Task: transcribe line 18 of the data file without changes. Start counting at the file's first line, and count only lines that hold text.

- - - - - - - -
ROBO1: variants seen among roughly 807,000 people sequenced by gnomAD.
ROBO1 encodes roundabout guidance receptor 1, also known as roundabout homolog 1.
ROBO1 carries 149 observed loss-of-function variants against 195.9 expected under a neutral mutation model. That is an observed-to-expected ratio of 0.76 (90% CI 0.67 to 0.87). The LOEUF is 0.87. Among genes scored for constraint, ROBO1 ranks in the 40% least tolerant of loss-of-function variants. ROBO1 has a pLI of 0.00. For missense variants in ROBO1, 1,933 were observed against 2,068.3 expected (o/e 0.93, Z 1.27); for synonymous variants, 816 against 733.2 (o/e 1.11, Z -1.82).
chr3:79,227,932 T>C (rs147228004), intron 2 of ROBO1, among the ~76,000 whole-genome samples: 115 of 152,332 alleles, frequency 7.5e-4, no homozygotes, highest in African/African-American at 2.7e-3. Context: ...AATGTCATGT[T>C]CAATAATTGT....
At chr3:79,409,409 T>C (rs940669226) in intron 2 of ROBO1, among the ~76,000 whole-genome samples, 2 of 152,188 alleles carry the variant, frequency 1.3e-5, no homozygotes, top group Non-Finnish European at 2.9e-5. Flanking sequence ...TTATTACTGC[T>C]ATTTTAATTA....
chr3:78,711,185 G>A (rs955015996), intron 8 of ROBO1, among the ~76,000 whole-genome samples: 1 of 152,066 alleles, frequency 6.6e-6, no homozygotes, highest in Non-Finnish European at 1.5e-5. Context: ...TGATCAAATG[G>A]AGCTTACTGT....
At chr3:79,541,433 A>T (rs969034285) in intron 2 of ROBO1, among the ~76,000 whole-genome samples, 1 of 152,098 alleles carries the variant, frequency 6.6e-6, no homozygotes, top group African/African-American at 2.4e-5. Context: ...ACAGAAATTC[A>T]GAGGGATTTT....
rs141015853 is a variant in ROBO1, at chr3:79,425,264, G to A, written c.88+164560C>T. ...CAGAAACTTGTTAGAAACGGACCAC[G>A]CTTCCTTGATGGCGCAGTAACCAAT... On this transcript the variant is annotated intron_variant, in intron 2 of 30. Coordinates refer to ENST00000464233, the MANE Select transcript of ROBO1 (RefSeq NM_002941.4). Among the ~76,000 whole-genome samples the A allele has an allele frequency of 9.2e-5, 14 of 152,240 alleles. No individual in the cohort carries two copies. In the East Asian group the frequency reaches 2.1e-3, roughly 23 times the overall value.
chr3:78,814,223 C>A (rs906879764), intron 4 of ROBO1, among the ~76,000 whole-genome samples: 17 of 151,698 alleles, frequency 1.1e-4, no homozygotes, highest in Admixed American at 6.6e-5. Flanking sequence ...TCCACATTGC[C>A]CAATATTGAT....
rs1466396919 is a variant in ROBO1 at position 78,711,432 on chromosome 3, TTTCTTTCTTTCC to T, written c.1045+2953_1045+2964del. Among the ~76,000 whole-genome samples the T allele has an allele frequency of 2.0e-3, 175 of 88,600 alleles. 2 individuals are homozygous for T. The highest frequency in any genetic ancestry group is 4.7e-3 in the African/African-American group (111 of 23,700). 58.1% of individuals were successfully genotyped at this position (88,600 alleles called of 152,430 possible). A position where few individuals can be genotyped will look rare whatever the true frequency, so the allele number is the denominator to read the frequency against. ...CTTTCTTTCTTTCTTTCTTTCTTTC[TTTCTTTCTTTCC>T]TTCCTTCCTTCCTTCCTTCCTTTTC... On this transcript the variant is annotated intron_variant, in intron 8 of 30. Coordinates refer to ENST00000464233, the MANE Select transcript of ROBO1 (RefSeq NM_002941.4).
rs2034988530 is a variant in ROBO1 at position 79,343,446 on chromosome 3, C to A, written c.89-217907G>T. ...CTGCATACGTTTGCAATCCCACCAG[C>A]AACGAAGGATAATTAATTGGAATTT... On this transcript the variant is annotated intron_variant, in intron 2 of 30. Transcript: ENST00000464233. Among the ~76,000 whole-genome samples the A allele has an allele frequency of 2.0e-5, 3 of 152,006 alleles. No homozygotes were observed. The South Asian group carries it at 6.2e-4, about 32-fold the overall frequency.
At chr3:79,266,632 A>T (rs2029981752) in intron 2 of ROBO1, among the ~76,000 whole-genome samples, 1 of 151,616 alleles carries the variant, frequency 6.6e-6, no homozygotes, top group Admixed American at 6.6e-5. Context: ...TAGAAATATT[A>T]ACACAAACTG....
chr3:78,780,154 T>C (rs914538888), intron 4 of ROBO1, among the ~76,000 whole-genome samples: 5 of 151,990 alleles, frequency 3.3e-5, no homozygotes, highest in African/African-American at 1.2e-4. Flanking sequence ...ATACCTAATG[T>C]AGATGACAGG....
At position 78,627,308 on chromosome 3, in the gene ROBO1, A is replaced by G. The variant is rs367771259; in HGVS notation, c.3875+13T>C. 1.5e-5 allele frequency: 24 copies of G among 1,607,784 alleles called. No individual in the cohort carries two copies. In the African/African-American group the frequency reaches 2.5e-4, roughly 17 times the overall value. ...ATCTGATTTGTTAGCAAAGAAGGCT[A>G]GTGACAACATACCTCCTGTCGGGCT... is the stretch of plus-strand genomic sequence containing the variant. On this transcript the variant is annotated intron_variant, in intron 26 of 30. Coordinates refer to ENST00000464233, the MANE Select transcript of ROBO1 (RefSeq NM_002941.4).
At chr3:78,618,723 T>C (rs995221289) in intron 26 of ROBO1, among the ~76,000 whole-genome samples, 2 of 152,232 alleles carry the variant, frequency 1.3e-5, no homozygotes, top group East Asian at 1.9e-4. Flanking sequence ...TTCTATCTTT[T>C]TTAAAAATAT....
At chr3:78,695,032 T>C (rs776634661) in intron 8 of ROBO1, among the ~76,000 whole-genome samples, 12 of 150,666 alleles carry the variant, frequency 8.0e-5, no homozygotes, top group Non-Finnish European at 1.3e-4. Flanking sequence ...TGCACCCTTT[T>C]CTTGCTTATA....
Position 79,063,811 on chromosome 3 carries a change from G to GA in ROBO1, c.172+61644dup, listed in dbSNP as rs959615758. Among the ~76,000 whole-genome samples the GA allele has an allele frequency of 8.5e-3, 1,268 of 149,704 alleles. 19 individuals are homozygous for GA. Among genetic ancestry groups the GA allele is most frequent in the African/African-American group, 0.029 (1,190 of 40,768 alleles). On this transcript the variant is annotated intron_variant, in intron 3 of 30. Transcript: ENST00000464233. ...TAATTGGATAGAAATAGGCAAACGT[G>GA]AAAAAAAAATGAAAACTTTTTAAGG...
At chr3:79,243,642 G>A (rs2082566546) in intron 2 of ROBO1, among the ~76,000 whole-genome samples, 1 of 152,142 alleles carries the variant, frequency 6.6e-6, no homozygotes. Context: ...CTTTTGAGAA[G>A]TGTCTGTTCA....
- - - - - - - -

At chr3:79,243,642 G>A (rs2082566546) in intron 2 of ROBO1, among the ~76,000 whole-genome samples, 1 of 152,142 alleles carries the variant, frequency 6.6e-6, no homozygotes. Context: ...CTTTTGAGAA[G>A]TGTCTGTTCA....